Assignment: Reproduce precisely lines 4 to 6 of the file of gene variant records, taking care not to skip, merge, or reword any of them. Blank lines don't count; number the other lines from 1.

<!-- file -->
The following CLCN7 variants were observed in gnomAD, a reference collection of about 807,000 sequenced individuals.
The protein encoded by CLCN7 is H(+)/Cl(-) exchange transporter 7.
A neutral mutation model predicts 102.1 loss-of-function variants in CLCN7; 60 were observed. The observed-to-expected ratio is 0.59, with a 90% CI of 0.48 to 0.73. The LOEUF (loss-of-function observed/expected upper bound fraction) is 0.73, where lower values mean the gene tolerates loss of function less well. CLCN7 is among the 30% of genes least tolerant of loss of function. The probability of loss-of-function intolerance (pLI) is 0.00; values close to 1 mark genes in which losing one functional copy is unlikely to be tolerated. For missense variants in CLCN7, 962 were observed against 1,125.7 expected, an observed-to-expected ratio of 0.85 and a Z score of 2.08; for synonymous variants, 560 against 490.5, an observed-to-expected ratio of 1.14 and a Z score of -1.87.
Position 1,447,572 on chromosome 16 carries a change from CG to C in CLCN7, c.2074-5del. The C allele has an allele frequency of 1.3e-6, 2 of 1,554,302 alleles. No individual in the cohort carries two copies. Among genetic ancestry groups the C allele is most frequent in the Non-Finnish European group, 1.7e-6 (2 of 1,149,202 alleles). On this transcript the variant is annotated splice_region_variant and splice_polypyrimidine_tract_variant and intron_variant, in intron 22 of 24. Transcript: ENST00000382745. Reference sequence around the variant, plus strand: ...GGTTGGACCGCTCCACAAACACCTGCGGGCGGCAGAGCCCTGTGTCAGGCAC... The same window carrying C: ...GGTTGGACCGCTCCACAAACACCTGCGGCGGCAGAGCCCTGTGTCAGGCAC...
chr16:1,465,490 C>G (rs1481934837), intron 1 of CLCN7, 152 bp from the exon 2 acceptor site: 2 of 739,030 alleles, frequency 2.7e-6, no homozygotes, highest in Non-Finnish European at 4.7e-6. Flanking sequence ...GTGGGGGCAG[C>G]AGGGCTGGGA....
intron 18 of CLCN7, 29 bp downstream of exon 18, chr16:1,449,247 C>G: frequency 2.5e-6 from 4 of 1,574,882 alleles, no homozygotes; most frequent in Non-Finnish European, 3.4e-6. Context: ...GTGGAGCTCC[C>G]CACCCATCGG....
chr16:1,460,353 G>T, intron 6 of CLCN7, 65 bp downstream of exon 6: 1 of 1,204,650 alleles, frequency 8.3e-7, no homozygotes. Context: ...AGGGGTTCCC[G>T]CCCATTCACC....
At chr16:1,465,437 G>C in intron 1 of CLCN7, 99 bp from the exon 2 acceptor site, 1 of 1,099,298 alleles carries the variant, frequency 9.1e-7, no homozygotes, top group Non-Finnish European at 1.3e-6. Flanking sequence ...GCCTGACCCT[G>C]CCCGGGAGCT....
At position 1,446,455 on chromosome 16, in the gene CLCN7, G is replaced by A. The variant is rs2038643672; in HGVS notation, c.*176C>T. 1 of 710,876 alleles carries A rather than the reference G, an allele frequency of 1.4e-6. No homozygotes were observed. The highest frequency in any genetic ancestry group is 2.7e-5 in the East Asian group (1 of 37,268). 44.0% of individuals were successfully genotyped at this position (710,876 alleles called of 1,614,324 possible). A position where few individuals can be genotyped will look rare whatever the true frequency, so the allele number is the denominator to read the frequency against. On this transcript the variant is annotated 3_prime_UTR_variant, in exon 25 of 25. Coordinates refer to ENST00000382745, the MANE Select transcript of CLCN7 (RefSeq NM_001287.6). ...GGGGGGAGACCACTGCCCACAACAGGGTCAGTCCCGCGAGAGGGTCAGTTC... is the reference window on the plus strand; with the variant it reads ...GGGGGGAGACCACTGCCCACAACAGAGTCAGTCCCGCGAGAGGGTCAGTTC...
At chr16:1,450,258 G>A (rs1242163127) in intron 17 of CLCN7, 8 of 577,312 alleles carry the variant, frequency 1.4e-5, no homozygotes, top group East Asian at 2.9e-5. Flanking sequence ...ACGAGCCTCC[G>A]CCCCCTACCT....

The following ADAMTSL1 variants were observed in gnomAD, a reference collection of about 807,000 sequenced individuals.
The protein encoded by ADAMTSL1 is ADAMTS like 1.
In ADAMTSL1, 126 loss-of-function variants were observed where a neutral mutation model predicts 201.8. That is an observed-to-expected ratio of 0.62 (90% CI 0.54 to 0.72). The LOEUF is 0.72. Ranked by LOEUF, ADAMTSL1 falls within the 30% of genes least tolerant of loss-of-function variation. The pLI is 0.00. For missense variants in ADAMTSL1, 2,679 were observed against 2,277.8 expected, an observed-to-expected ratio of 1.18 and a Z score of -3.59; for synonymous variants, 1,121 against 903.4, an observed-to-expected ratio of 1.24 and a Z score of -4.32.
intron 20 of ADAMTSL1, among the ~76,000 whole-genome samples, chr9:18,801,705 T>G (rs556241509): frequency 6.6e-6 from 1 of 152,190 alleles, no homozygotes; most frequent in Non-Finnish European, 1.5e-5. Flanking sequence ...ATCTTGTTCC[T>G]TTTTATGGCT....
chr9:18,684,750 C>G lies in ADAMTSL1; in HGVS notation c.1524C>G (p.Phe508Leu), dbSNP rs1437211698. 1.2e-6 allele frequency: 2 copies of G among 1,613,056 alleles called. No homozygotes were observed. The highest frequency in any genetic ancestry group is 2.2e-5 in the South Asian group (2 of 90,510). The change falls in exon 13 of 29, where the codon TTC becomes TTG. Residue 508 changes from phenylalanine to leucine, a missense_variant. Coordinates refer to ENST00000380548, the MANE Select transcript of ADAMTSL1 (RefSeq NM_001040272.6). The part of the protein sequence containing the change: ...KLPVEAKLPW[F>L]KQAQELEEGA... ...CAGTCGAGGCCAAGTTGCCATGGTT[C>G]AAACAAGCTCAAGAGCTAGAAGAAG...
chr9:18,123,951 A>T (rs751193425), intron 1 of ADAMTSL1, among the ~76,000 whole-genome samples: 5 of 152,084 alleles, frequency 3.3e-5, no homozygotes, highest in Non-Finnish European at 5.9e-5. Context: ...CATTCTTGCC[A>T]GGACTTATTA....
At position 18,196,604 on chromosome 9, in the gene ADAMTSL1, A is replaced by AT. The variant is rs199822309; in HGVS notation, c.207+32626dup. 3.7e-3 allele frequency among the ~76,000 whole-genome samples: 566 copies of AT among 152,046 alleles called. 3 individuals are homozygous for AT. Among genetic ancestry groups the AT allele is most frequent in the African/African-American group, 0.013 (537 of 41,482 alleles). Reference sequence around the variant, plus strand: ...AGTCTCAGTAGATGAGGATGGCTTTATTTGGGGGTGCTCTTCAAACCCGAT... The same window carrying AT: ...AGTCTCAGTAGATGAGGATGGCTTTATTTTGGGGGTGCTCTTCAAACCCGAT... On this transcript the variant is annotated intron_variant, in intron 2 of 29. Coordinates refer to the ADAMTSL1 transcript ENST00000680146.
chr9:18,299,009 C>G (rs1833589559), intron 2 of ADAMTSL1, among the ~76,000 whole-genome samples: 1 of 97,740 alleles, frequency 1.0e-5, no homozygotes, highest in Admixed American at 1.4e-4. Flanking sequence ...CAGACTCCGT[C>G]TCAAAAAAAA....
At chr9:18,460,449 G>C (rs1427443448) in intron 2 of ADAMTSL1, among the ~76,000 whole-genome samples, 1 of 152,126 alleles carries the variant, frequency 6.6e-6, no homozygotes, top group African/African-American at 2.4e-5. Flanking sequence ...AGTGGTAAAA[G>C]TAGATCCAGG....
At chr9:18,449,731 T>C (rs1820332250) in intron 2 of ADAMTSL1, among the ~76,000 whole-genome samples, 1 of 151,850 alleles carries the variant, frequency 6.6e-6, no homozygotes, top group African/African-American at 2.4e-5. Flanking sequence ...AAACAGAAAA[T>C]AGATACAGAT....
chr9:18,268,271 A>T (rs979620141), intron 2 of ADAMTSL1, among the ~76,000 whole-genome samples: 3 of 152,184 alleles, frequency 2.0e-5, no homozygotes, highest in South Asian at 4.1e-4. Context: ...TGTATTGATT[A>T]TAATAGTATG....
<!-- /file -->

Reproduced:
Position 1,447,572 on chromosome 16 carries a change from CG to C in CLCN7, c.2074-5del. The C allele has an allele frequency of 1.3e-6, 2 of 1,554,302 alleles. No individual in the cohort carries two copies. Among genetic ancestry groups the C allele is most frequent in the Non-Finnish European group, 1.7e-6 (2 of 1,149,202 alleles). On this transcript the variant is annotated splice_region_variant and splice_polypyrimidine_tract_variant and intron_variant, in intron 22 of 24. Transcript: ENST00000382745. Reference sequence around the variant, plus strand: ...GGTTGGACCGCTCCACAAACACCTGCGGGCGGCAGAGCCCTGTGTCAGGCAC... The same window carrying C: ...GGTTGGACCGCTCCACAAACACCTGCGGCGGCAGAGCCCTGTGTCAGGCAC...
chr16:1,465,490 C>G (rs1481934837), intron 1 of CLCN7, 152 bp from the exon 2 acceptor site: 2 of 739,030 alleles, frequency 2.7e-6, no homozygotes, highest in Non-Finnish European at 4.7e-6. Flanking sequence ...GTGGGGGCAG[C>G]AGGGCTGGGA....
intron 18 of CLCN7, 29 bp downstream of exon 18, chr16:1,449,247 C>G: frequency 2.5e-6 from 4 of 1,574,882 alleles, no homozygotes; most frequent in Non-Finnish European, 3.4e-6. Context: ...GTGGAGCTCC[C>G]CACCCATCGG....